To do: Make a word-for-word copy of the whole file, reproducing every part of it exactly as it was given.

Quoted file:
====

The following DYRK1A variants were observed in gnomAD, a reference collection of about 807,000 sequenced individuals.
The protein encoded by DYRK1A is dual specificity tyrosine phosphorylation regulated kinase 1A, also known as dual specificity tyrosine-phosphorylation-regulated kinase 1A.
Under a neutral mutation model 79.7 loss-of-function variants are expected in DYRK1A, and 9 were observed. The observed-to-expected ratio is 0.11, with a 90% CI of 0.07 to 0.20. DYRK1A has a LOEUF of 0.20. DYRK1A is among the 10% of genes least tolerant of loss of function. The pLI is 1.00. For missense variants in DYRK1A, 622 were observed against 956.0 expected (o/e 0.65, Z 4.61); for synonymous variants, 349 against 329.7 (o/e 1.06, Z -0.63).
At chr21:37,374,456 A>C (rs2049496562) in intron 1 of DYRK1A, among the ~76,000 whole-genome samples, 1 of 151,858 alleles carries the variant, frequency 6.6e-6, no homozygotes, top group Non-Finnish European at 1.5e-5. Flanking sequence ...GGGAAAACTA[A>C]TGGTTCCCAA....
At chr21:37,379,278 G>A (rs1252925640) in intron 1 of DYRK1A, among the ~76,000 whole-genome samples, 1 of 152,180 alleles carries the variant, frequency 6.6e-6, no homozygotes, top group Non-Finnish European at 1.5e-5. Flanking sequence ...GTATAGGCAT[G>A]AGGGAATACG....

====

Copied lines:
The following DYRK1A variants were observed in gnomAD, a reference collection of about 807,000 sequenced individuals.
The protein encoded by DYRK1A is dual specificity tyrosine phosphorylation regulated kinase 1A, also known as dual specificity tyrosine-phosphorylation-regulated kinase 1A.
Under a neutral mutation model 79.7 loss-of-function variants are expected in DYRK1A, and 9 were observed. The observed-to-expected ratio is 0.11, with a 90% CI of 0.07 to 0.20. DYRK1A has a LOEUF of 0.20. DYRK1A is among the 10% of genes least tolerant of loss of function. The pLI is 1.00. For missense variants in DYRK1A, 622 were observed against 956.0 expected (o/e 0.65, Z 4.61); for synonymous variants, 349 against 329.7 (o/e 1.06, Z -0.63).
At chr21:37,374,456 A>C (rs2049496562) in intron 1 of DYRK1A, among the ~76,000 whole-genome samples, 1 of 151,858 alleles carries the variant, frequency 6.6e-6, no homozygotes, top group Non-Finnish European at 1.5e-5. Flanking sequence ...GGGAAAACTA[A>C]TGGTTCCCAA....
At chr21:37,379,278 G>A (rs1252925640) in intron 1 of DYRK1A, among the ~76,000 whole-genome samples, 1 of 152,180 alleles carries the variant, frequency 6.6e-6, no homozygotes, top group Non-Finnish European at 1.5e-5. Flanking sequence ...GTATAGGCAT[G>A]AGGGAATACG....